During the last couple of weeks, MTV’s new show “Skins” has earned some very negative attention among media and parental groups in the US. The original UK series has been airing for three years – and is even a BAFTA award winner – but its message hasn’t been well-received this side of the pond. Although they haven’t taken the time to watch even a full episode, the Parents Television Council (PTC) claims it is “the most dangerous show for teens.” Admittedly, there are moments when the show can make parents twinge. However, it is one of the most honest portrayals of the issues that teens are dealing with each and every day.
Let’s consider other shows that critics and parent groups have maligned in the past, including the 1990’s MTV animated TV series “Beavis and Butthead.” It's now considered a classic part of youth culture, but at the time the show was highly controversial.
It is the same situation with “Skins”. It may be uncomfortable subject matter for some viewers, but working with the number of students that we do at DFYIT (more than 7,000 across South Florida alone) and the honesty they share with us, these very are real issues these kids deal with on a daily basis. “Skins” is one of the first shows that confronts teen substance abuse, violence and sex in a very open manner, which is the main reason it is so controversial.
I work on the front line of prevention in youth – teaching youth about the dangers of risky behaviors, drugs and alcohol – and one of the first steps in education and empowering students to avoid these dangers is starting a conversation, an impossible first step when we are downplaying or censoring the issues.
At DFYIT, we support open communication and talking about these issues honestly and in a straightforward fashion with youth, schools and families. After 18 years and counting, we’ve seen that it is a highly effective way to make a difference in these youths’ lives.
I appreciate that the PTC is trying to protect young people, and their views certainly have merit. But censorship takes away from the discussion and the discourse about what the real issues among young people really are, and it takes away our ability to confront them head on. So I applaud MTV for bringing these serious issues that youth in our communities face to a wider audience. And despite the controversial message, it’s a message that needs to be discussed openly more frequently. After all, our children’s future depends on it.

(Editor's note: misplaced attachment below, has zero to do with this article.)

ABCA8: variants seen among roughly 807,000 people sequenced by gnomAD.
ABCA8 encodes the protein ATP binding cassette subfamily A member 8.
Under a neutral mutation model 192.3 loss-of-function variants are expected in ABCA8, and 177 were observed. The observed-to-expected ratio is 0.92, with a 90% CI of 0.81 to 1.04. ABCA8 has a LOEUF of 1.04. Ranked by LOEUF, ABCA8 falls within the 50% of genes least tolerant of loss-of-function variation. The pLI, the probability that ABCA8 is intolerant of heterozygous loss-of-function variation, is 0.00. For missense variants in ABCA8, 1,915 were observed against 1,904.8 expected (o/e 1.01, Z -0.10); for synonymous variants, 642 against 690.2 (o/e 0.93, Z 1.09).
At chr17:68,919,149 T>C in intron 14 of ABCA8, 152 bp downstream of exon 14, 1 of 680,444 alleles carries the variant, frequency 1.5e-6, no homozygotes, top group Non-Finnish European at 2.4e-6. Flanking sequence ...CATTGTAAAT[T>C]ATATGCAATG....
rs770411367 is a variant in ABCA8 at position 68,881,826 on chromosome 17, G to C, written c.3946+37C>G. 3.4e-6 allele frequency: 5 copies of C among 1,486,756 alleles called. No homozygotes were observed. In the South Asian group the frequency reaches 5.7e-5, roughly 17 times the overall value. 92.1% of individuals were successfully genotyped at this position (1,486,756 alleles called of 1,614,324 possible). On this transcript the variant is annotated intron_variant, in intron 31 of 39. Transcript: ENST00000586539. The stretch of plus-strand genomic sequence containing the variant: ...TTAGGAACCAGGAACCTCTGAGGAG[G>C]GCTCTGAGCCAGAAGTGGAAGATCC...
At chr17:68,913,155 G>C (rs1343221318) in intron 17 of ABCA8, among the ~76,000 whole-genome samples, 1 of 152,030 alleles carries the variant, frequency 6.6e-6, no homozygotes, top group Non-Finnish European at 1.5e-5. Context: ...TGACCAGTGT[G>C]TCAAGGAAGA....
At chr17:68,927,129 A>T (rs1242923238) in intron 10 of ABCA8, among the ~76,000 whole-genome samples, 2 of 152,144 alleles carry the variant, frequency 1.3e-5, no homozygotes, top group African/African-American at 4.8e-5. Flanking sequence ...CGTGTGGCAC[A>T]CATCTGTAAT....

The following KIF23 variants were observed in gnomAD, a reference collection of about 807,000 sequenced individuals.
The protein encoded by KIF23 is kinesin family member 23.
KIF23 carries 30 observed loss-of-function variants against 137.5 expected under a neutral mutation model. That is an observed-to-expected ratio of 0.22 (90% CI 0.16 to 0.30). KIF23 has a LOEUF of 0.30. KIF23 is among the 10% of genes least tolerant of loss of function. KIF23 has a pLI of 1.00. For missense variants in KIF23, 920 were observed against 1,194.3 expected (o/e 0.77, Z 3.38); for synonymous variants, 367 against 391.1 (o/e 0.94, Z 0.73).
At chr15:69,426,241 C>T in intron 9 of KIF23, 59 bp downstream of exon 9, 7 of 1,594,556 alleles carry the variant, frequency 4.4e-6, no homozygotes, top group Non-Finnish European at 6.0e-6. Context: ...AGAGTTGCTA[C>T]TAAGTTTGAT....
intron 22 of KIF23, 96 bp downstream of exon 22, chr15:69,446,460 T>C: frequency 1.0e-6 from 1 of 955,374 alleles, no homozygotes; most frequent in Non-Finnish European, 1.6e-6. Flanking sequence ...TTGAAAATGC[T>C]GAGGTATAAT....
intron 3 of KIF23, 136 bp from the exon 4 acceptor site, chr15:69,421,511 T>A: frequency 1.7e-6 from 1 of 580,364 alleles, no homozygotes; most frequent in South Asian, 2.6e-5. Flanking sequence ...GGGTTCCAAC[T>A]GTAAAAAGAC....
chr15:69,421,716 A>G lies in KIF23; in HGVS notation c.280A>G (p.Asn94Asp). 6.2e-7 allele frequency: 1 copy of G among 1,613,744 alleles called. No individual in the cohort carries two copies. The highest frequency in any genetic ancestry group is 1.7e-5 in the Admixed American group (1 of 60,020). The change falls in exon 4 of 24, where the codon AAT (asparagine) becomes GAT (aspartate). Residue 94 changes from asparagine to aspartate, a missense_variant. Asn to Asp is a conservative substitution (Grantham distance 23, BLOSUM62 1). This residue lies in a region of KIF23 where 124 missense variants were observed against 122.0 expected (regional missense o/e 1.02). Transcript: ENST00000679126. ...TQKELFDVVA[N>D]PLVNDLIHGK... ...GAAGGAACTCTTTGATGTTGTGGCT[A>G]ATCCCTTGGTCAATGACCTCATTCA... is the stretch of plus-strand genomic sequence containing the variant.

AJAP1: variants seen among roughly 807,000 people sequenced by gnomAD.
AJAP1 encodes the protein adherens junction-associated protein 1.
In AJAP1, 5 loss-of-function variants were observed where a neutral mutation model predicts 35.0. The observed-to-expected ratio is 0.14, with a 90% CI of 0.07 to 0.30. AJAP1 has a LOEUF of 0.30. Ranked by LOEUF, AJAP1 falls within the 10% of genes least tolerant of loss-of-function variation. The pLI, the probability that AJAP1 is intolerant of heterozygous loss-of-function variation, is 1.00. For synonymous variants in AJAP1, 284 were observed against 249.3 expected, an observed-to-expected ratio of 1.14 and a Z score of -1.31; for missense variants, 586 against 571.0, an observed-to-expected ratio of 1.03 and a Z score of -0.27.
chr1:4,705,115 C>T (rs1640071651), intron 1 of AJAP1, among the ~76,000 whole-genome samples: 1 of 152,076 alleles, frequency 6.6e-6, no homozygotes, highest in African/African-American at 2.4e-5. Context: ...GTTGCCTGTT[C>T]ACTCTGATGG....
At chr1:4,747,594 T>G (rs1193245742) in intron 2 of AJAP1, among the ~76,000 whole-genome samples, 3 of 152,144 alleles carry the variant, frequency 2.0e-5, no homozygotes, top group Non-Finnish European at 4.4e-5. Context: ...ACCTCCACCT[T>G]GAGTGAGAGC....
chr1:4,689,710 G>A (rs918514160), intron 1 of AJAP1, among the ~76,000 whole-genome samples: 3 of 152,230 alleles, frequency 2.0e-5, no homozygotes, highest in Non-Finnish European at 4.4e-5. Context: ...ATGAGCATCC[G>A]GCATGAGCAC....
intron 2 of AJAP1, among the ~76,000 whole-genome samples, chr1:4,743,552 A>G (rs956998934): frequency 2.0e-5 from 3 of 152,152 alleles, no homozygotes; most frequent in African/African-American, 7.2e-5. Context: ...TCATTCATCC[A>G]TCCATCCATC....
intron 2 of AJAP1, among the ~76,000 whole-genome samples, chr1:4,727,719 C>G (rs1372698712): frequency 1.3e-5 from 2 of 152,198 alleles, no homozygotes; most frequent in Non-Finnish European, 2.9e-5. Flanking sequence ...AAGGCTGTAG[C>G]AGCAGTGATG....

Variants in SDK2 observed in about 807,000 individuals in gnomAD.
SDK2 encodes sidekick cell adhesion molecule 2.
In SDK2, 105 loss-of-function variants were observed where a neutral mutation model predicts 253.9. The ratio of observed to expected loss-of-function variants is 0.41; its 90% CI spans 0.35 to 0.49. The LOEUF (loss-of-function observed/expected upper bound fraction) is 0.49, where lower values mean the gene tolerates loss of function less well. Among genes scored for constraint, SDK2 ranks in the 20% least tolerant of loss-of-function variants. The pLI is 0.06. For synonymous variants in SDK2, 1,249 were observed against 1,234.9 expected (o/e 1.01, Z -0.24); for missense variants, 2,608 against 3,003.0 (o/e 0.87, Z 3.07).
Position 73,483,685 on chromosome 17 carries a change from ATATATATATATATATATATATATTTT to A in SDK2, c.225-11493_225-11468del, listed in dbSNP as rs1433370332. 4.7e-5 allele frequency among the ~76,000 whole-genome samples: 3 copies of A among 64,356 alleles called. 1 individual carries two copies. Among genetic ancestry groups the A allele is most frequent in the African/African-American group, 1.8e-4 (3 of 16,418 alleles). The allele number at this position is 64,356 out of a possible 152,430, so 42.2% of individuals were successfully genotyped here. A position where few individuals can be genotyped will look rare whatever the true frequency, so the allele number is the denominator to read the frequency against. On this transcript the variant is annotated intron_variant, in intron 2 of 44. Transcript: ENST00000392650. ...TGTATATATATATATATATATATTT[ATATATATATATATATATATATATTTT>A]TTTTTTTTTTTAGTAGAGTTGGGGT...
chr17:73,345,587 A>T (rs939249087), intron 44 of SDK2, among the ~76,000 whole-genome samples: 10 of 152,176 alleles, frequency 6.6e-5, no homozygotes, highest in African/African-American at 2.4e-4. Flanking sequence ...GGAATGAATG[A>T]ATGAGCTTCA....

About Micah Robbins
Micah has over 16 years of experience working with youth and teaching them the importance of staying drug, alcohol and violence-free. Not only does Micah teach students about these dangers, he empowers youth to make good choices in all aspects of their lives. His organization, DFYIT, also encourages and rewards teen’s positive behaviors and encourages a proactive involvement in their schools and communities.
DFYIT is a nationally recognized, community-based substance abuse prevention organization that focuses on and gives recognition to students who choose to live a healthy, drug-free lifestyle. Through 60 DFYIT clubs in Miami-Dade County middle and senior high schools, DFYIT provides adolescents with social competency training, drug awareness counseling, conflict resolution skills, positive adult relationships, and pro-social involvement in their school and community. For more information on DFYIT, please visit their website at www.dfyit.org.
Previous related posts:
Moms & Dads: What South Florida teens are saying about MTV's "Skins"
Moms & Dads: Are your kids watching MTV's "Skins"?
Tom Jicha's TV Plus: Makins "Skins" forbidden fruit is not the answer
Tom Jicha's TV Plus: MTV and "Skins" begin damage control
SunSentinel.com: MTV stands by "Skins" as ratings stabilize